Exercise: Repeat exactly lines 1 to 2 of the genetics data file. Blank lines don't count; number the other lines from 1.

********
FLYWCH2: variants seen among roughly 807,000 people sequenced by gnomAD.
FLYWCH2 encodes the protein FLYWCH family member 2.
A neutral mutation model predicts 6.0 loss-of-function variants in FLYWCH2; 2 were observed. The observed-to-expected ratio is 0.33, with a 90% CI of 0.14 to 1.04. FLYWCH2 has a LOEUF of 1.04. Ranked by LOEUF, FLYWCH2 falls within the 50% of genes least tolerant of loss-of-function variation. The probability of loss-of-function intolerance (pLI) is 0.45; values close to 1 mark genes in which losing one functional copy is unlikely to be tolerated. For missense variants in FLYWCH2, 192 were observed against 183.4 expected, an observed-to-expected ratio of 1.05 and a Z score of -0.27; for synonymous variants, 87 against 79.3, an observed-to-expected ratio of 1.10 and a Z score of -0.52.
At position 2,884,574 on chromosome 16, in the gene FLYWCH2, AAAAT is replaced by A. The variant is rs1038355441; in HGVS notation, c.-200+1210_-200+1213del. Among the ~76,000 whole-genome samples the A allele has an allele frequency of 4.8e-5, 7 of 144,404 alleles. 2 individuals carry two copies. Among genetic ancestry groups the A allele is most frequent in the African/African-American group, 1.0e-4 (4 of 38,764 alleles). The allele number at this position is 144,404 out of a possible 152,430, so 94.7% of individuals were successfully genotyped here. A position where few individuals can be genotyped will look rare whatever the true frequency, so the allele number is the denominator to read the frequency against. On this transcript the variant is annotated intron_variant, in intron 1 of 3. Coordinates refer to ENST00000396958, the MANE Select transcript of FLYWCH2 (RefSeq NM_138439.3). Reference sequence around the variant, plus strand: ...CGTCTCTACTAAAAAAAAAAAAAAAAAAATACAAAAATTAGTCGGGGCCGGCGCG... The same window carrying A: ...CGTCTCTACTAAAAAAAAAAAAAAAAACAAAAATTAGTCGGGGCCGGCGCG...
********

FLYWCH2: variants seen among roughly 807,000 people sequenced by gnomAD.
FLYWCH2 encodes the protein FLYWCH family member 2.